On top of that he and those convicted were told to pay back the state about 16 billion baht in compensation for the damage their deals caused.
Boonsong, like most of the Pheu Thai big shots and supporters of Ms Yingluck who showed up in front of the court on Friday to give her moral support, was unaware that Ms Yingluck would get cold feet and not show up to hear the court’s verdict against her.
Rumors went viral that she had already fled the country while unconfirmed reports from those close to the military and family said she took a private jet to Trat province where she travelled by land to Cambodia with the help of contacts of her brother, former prime minister Thaksin.
From Cambodia she flew to Singapore to join Thaksin, who was there to pick her up, and both flew in a private jet to Dubai, Thaksin’s home for the past decade.
What is puzzling about this high drama is that none of the junta members from Prime Minister Prayut Chan-o-cha and Deputy Prime Minister Prawit Wongsuwon, who are in charge of security affairs, caught wind of Ms Yingluck’s escape. I, for one, don’t believe it.
Rumors have also arisen of a deal being struck between Thaksin and the junta.
But what matters more than the rumors is the credibility of the junta itself in how Ms Yingluck was able to escape without their knowledge. Forget about the arrest warrant issued by the court because she will never be arrested by the police anyway. Examples abound of fugitives who live a good life overseas.
Among them are Vorayuth “Boss” Yoovidhya, the Red Bull scion, former deputy interior minister Vatana Asavahame, and Phra Dhammajayo whose whereabouts are not known.
Several Pheu Thai MPs used to compare Ms Yingluck to Myanmar state counsellor Daw Aung San Suu Kyi, which I find laughable because I cannot find any similarities between them.
Myanmar’s Lady is an iron-willed democratic champion who embraces ahimsa (peaceful resistance) in her defiance of the military junta. She is humble, knowledgeable and a leader who reaches out to the public for the benefit of the people of Myanmar.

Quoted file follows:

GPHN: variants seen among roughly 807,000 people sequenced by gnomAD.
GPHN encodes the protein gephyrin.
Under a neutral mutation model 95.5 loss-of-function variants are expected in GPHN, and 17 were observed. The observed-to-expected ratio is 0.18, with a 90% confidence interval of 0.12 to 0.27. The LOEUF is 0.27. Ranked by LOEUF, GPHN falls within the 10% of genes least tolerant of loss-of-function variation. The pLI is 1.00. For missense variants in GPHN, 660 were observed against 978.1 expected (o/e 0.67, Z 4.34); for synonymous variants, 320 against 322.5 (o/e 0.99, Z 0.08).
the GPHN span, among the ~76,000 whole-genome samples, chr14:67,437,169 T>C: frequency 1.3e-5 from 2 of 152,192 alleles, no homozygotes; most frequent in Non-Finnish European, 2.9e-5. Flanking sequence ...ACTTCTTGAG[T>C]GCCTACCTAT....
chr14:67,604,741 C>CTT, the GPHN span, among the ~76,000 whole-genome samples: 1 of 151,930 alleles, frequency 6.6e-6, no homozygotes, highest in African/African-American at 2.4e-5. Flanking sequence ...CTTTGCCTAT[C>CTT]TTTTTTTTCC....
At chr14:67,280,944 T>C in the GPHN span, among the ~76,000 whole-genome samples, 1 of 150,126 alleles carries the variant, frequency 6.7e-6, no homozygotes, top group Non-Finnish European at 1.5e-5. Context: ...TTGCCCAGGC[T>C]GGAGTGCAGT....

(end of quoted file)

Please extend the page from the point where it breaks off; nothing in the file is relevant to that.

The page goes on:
Ms Yingluck, on the other hand, has a different lifestyle. She became party leader and Thailand’s leader through the influence of her brother, Thaksin. She fought the court case with apparent bravery, and although she had the chance to escape before, she did not take it.
But when crunch time came, she took fright and made a quiet exit, leaving her supporters, friends and foes shocked.
There are people who believe that she will return to hear the verdict on Sept 27, hoping that some sort of deal may be struck on her sentence. But I don’t believe she will ever return.
Like brother, like sister — both Thaksin and Ms Yingluck may have to contend with living the rest of their lives abroad.
It is worse for Ms Yingluck, because there is no statute of limitations on her case, no matter how long she stays abroad out of the reach of Thai law.
Does this mean the end of the Shinawatra dynasty in Thai politics? It’s for Thaksin to decide whether his and his sister’s fates, both sacrificed for Thai politics, are enough.
For those in the junta who believe the they can stay on in power for many years to come — albeit in a different uniform — should think twice.
Sovereignty belongs to the people, not a small group that thinks it can stay in power forever by standing behind the barrel of a gun.
*Veera Prateepchaikul is former editor, Bangkok Post.